Physician Associates

Physician associates are healthcare professionals, with a generalist clinical education, who work alongside GPs to provide care as part of the multidisciplinary team. They provide care for the presenting patient from initial history taking and clinical assessment through to diagnosis, treatment, and evaluation. Whilst physician associates currently do not have prescribing rights, they can prepare prescriptions for GPs to sign. 


A paramedic in primary care can provide a rapid response to deteriorating patients and patients with long-term conditions, minor injuries, and minor illness. They can also support patients who require wound care, have fallen, have musculoskeletal problems, and have urinary tract or respiratory infections. Paramedics can supply a range of medicines through patient group directions, including antibiotics and analgesics. 

Paramedics can support PCNs in responding to on the day demand by offering telephone triage or undertaking home visiting. They can also support PCNs to improve access to care by managing minor ailments and seeing patients in care homes. 


Podiatrists have been trained to diagnose and treat foot and lower limb conditions. They provide assessment, evaluation, and foot care for a wide range of patients, which range from low risk to long-term acute conditions. Many patients fall into high-risk categories such as those with diabetes, rheumatism, cerebral palsy, peripheral arterial disease, and peripheral nerve damage. 

Social Prescribing Link Workers

Social prescribing link workers help people focus on what matters to them as identified in their care and support plan. They connect people to community groups and agencies for practical and emotional support. Link workers typically work with people over six to 12 contacts (including phone calls and meetings) over a three-month period.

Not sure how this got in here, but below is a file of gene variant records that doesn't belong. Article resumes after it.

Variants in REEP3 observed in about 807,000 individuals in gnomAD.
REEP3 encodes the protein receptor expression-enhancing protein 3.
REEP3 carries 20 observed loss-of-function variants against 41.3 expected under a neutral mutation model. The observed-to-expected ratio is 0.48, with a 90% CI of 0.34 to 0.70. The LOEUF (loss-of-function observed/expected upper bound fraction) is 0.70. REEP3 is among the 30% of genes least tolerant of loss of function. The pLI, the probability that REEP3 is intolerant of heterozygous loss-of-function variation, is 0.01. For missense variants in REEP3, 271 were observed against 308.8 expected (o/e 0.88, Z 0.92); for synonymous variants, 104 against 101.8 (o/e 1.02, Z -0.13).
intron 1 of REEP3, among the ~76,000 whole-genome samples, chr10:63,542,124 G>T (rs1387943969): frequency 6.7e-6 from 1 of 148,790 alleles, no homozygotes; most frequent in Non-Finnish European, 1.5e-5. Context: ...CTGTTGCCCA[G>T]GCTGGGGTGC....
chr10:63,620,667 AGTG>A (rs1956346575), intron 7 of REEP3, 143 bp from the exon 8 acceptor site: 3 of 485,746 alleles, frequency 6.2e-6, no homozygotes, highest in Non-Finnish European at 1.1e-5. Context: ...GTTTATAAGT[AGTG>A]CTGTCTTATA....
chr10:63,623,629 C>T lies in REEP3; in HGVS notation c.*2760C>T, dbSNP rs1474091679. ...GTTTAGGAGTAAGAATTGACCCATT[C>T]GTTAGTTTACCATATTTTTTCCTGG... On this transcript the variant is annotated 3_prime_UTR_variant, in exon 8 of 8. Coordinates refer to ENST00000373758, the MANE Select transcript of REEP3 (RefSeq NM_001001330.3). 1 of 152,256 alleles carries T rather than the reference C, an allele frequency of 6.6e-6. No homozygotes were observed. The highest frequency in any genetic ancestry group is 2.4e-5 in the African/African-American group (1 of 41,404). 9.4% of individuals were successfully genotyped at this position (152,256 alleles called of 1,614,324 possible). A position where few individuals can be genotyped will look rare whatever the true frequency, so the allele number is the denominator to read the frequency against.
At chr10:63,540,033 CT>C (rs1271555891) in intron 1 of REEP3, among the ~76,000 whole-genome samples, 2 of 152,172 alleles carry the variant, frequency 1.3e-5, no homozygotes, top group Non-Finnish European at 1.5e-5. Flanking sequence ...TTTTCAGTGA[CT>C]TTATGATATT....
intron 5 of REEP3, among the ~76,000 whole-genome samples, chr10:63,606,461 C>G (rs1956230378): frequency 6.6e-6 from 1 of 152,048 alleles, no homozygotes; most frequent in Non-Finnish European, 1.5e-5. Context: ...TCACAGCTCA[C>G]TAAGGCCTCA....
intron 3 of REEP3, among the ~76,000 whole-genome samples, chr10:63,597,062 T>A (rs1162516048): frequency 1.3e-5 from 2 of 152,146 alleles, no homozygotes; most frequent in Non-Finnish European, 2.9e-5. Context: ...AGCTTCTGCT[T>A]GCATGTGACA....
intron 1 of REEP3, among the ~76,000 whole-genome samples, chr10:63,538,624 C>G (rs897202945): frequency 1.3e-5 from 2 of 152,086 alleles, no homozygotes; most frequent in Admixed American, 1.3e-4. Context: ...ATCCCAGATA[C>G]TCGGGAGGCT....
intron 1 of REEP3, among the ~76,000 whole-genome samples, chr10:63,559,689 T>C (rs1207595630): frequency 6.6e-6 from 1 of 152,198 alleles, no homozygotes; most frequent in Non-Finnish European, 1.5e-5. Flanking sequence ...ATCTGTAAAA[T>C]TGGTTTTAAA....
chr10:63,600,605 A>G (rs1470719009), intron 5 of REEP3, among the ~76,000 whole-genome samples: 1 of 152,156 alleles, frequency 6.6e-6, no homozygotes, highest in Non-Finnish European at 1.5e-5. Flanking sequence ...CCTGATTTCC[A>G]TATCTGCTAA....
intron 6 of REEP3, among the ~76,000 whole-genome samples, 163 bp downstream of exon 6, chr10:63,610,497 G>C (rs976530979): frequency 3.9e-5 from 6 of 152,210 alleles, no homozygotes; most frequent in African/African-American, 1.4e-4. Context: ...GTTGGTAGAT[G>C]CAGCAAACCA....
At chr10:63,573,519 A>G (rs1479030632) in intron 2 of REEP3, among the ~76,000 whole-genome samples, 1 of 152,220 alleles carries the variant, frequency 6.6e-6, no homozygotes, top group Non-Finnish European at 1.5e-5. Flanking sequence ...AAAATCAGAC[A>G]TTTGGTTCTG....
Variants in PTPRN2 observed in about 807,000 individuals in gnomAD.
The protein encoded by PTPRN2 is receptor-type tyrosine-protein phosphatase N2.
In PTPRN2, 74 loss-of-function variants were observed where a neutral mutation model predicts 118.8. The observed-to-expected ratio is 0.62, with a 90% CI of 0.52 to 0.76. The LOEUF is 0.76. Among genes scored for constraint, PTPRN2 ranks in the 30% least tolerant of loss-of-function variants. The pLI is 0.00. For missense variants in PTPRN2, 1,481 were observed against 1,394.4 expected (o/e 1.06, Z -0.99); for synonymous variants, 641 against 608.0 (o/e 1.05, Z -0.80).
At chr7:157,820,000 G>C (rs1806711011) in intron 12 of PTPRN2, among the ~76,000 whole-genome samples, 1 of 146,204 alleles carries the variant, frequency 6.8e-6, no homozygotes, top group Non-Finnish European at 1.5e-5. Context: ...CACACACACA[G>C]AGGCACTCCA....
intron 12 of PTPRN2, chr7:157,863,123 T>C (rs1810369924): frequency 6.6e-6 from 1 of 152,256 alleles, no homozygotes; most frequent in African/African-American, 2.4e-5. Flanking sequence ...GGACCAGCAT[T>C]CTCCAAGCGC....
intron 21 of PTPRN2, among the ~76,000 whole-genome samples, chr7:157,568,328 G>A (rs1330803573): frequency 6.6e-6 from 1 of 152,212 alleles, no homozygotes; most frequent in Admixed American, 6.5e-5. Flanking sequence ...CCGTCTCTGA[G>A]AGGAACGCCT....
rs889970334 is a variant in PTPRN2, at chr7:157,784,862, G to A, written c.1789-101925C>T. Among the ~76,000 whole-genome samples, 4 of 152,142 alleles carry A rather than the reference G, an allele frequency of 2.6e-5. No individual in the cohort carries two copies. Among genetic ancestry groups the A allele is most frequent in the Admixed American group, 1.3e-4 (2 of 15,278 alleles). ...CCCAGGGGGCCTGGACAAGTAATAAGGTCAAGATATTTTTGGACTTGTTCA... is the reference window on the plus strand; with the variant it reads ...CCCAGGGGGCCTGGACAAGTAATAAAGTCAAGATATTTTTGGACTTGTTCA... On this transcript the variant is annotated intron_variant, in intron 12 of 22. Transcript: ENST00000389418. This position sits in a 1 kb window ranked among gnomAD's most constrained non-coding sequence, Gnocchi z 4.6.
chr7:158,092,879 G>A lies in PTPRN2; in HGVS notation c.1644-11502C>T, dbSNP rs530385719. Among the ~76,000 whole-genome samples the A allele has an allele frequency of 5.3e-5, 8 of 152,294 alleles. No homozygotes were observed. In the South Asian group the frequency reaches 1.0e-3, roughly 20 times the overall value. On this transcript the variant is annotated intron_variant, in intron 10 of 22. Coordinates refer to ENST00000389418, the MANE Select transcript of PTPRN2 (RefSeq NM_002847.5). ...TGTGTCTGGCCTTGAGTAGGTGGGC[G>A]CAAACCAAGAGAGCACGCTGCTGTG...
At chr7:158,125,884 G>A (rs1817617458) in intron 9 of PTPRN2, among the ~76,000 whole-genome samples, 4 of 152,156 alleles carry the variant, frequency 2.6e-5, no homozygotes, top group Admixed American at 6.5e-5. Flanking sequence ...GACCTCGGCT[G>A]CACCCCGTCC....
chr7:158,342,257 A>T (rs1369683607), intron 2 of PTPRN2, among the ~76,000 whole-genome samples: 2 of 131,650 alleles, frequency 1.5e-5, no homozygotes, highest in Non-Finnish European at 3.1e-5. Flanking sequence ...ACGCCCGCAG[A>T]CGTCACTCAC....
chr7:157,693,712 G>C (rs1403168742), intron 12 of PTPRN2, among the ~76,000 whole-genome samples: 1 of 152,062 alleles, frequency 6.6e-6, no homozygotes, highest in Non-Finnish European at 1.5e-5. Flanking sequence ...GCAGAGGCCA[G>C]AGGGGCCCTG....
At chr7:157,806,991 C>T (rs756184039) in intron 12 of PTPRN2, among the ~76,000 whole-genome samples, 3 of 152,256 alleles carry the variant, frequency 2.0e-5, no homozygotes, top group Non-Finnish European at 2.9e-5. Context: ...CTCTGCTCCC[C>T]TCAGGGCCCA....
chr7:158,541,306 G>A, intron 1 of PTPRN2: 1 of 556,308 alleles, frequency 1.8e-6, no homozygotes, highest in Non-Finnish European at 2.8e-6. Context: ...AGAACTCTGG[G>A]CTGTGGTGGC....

General Practice Assistant

General practice assistants deliver a combination of routine administrative tasks and some basic clinical duties in the general practice setting. Their focus is on supporting GPs in their day-to-day management of patients, specifically aimed at reducing the administrative burden and making best use of consultations. Administrative support includes letters, completing forms for GPs to sign, and explaining procedures to patients prior to appointments. Examples of clinical support include referrals, arranging follow up appointments, and conducting simple clinical observations.

Non-patient facing roles

We also employ non-patient facing on behalf of Primary Care Networks, who carry out important tasks that support the improvement of patient access and care. 

Digital and Transformation Leads

Digital and transformation leads support increased access to care for patients, through the adoption of new technology and other initiatives to improve the care offer. This enables PCN staff to work more effectively and improves the sustainability of general practice services.

Digital and transformation leads can: 

  • Develop strategic plans to optimise the use of clinical systems and build a robust digital infrastructure for PCNs working on a range of digital transformation projects such as the use of cloud telephony, digital triage, online signposting, social media, digital wayfinding, promotion of the NHS App. 
  • Deliver broader transformation projects to: 
  • improve access to care and support the adoption of population health management 
  • drive operational efficiency 
  • enhance staff experience 

They support the adoption of national and local initiatives, including integrated working at neighbourhood and place level to improve access to services for patients. 

12/10/2023 Information taken from: NHS England » Expanding our workforce 

Videos from NHS East of England and West Yorkshire ICB.